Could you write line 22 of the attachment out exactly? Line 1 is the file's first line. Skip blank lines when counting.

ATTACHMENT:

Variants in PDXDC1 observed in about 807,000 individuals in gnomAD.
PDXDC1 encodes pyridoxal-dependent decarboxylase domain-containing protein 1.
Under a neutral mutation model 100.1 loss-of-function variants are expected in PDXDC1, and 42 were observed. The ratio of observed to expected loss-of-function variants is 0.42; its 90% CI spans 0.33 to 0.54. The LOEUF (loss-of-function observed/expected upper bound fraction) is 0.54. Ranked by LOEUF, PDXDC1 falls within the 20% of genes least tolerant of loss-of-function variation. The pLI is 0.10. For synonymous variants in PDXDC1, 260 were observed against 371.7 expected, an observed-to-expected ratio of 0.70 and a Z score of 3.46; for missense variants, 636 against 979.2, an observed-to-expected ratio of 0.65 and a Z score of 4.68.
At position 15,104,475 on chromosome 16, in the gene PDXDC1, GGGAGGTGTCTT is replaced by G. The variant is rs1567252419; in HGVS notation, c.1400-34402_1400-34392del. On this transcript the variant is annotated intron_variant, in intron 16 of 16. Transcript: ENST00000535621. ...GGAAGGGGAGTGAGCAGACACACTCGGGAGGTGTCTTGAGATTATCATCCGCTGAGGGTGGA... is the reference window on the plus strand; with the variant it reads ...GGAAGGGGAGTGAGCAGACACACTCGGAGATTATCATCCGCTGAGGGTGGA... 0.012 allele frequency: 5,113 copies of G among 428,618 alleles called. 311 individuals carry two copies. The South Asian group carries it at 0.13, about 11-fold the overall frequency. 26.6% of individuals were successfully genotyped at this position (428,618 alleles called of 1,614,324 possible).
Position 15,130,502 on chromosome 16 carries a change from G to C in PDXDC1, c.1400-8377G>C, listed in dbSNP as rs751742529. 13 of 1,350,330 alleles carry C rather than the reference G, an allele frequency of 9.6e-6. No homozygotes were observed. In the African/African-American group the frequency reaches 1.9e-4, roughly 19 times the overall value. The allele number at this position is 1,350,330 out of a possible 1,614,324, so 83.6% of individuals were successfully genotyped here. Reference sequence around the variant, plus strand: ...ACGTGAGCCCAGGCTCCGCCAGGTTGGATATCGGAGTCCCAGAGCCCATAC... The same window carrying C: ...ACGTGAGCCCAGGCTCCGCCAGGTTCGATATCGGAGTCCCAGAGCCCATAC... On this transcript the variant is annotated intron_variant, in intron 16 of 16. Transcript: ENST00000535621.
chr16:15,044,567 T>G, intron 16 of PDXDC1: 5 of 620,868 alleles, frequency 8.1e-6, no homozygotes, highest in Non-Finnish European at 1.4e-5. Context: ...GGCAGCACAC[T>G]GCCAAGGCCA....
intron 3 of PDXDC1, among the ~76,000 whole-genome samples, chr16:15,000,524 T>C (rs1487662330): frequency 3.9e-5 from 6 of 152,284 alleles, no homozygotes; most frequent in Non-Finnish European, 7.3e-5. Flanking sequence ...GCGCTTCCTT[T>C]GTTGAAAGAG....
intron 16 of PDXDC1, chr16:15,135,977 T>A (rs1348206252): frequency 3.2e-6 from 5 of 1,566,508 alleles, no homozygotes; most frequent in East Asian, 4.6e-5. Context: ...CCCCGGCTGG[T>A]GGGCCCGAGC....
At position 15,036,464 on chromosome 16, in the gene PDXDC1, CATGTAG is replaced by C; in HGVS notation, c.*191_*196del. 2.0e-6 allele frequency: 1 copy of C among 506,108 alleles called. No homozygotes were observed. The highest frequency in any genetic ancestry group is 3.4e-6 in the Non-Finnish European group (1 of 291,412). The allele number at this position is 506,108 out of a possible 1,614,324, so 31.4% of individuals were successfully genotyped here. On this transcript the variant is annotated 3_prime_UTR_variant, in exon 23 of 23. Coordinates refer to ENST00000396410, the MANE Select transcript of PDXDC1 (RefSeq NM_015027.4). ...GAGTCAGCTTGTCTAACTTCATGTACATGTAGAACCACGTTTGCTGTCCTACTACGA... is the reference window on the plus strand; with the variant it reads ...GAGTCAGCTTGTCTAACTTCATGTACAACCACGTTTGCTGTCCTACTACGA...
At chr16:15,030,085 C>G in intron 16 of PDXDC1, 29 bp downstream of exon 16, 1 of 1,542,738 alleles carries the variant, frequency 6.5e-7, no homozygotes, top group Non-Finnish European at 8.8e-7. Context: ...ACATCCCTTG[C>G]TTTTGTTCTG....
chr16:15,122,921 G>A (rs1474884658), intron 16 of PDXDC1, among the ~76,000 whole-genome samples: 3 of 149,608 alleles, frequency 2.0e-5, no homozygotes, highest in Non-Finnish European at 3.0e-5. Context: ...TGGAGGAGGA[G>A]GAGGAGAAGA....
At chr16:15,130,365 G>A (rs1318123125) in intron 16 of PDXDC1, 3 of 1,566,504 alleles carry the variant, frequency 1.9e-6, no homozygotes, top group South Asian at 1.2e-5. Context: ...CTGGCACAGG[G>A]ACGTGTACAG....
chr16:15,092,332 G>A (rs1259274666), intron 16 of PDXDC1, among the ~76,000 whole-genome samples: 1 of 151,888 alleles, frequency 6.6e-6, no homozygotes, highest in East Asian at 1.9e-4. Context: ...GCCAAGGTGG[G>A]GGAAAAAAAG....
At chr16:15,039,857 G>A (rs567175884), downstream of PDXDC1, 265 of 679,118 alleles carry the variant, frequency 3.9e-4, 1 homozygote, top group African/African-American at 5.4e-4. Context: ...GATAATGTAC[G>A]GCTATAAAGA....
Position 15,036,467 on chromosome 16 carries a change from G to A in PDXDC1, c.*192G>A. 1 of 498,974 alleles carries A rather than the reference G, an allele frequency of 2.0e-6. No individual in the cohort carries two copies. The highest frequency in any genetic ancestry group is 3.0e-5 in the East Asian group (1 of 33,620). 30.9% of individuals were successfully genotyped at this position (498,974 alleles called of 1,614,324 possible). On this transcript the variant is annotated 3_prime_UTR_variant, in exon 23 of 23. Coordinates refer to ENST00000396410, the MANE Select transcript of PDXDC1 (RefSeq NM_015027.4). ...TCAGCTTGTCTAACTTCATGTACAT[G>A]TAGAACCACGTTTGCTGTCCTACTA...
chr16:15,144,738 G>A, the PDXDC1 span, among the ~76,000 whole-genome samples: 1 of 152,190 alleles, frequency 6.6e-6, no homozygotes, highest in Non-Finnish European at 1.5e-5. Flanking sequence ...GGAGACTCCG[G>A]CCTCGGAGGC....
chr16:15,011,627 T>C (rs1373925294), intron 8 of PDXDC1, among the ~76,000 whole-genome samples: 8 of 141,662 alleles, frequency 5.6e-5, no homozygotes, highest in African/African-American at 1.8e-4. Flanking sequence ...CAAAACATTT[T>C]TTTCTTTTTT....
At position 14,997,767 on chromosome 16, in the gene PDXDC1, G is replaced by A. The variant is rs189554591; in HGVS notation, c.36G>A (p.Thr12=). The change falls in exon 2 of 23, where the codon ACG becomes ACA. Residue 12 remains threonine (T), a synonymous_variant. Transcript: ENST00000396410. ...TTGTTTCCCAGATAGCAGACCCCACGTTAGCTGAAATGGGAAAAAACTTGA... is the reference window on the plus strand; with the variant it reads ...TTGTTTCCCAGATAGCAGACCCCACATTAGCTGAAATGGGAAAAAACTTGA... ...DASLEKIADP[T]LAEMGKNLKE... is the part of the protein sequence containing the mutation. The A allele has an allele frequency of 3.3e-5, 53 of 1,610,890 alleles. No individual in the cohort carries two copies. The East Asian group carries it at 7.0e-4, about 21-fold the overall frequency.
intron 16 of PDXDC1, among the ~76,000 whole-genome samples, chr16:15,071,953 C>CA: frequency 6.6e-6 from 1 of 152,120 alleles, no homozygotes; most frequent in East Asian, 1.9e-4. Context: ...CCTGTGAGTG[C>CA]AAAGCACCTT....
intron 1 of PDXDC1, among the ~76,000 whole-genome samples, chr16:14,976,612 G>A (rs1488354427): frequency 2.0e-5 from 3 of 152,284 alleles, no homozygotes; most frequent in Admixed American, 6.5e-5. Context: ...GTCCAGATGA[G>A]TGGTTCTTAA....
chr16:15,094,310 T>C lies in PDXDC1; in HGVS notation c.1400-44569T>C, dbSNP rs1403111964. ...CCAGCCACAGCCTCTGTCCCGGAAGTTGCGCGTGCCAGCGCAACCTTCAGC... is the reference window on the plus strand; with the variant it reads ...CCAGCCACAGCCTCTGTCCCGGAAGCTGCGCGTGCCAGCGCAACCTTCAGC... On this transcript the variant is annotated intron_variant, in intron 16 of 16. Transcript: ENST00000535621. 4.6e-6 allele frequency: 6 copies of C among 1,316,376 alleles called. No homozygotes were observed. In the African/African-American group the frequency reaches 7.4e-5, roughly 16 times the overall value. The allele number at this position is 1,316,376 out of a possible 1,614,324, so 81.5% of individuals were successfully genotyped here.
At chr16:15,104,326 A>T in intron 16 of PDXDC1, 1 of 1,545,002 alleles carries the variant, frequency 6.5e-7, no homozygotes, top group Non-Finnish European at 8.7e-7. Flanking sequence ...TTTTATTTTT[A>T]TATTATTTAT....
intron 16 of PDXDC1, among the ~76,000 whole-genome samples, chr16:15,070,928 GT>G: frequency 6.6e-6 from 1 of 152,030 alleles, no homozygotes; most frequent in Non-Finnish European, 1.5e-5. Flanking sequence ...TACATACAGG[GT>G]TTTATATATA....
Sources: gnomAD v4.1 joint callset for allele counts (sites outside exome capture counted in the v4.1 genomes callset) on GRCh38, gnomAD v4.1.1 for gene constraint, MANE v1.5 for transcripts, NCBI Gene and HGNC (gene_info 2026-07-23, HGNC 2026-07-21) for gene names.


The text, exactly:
At chr16:15,104,326 A>T in intron 16 of PDXDC1, 1 of 1,545,002 alleles carries the variant, frequency 6.5e-7, no homozygotes, top group Non-Finnish European at 8.7e-7. Flanking sequence ...TTTTATTTTT[A>T]TATTATTTAT....